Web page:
Monday, August 22, 2011

Breast Feeding, Oral Fixation, and Cigarette Smoking


Smoking is an outward signal of inner turmoil or conflict and most smoking has less to do with nicotine addiction and more to do with the need for reassurance. It is one of the displacement activities that people use in today's high-pressure society to release the tensions that build up from social and business encounters. For example, most people experience inner tension while waiting outside the dentist's surgery to have a tooth removed. While a smoker might cover up his anxiety by sneaking out for a smoke, non-smokers perform other rituals such as grooming, gum-chewing, nail-biting, finger-and foot-tapping, cufflink-adjusting, head-scratching, playing with something, or other gestures that tell us they need reassurance. Jewelry is also popular for exactly the same reason - it has high fondle value and allows its owner to displace their insecurity, fear, impatience or lack of confidence onto the item.

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Studies now show a clear relationship between whether an infant was breast-fed and its likelihood of becoming a smoker as an adult. It was found that babies who were largely bottle-fed represent the majority of adult smokers and the heaviest smokers, while the longer a baby was breast-fed, the less chance there was that it would become a smoker. It seems that breast-fed babies receive comfort and bonding from the breast that is unattainable from a bottle, the consequence being that the bottle-fed babies, as adults, continue the search for comfort by sucking things. Smokers use their cigarettes for the same reason as the child who sucks his blanket or thumb.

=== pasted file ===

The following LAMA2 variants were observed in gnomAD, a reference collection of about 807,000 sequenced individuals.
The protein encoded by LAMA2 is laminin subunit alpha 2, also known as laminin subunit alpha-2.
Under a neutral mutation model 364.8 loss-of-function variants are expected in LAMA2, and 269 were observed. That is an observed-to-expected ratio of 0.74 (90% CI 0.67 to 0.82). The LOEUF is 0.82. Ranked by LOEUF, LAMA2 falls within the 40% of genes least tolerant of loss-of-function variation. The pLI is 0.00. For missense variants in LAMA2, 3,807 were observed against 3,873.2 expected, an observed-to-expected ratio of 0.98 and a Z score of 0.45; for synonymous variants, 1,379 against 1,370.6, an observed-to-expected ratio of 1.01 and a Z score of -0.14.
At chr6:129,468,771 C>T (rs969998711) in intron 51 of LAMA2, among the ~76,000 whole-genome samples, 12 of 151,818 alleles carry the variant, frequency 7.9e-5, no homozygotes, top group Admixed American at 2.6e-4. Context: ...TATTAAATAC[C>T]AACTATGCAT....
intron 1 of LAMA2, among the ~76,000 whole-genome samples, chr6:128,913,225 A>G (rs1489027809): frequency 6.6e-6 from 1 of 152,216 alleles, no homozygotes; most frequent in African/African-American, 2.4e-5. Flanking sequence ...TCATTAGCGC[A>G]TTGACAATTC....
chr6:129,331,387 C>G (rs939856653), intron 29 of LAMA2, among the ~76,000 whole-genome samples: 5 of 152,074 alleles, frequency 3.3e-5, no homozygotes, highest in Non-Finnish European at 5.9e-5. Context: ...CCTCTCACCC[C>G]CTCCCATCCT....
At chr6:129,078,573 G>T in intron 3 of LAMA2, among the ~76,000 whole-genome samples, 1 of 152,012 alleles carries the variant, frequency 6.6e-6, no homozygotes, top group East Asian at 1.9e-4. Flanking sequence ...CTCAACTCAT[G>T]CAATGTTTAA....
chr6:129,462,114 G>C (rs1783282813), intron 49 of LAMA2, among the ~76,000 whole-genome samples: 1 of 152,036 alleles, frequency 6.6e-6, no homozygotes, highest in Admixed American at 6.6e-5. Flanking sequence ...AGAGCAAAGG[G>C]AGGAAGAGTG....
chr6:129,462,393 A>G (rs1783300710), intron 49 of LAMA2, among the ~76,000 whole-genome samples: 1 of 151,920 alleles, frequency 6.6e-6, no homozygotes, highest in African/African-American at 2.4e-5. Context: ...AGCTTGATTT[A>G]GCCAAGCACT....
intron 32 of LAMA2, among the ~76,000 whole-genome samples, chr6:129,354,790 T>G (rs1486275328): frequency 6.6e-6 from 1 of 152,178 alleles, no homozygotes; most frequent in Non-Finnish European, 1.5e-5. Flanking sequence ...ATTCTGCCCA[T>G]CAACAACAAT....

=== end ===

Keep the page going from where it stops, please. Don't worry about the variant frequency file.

Not only were smokers three times more likely to have been thumb-suckers as children, they have also been shown to be more neurotic than non-smokers and to experience oral fixations such as sucking the arm of their glasses, nail-biting, pen-munching, lip-biting and enough pencil-chewing to embarrass an average beaver. Clearly, many desires, including the urge to suck and feel secure, were satisfied in breast-fed babies but not in bottle-fed babies.

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That correlates was famous basic theory developed by Sigmund Freud, where there are five stages in the early development of a child that give an unconscious drive to the child’s actions. Spanning the life period from birth to the age of 21 months, the oral stage is the first of the five Freudian psychosexual development stages: (i) the Oral, (ii) the Anal, (iii) the Phallic, (iv) the Latent, and (v) the Genital. Failure to receive sufficient amounts of gratification or to overindulge during these stages leads to a fixation that will follow the child through adulthood. “The sexual aim of the infantile instance consists in obtaining satisfaction by means of an appropriate stimulation”.

The first stage a child encounters, the oral stage, is what gives the child the instinct to suck for both physical and emotional nourishment. The suck helps an infant during breastfeeding, the primary way for receive food. Therefore, failure to completely gratify the urges during the oral stage will lead to oral fixations. Such fixations range from nail biting to excessive eating, a sarcastic personality to smoking. It is true, that Freud's theories are largely criticized now by specialists as lacking in substantial corroborative data. However, Freud was using a model to describe observed behavior and his ideas may thus still be used as metaphors for actual developmental issues.

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Based on these findings, some highly credible organizations, such as UNICEF (1990), have recommended that women exclusively breast-feed for at least six months before transferring to bottle feeding.



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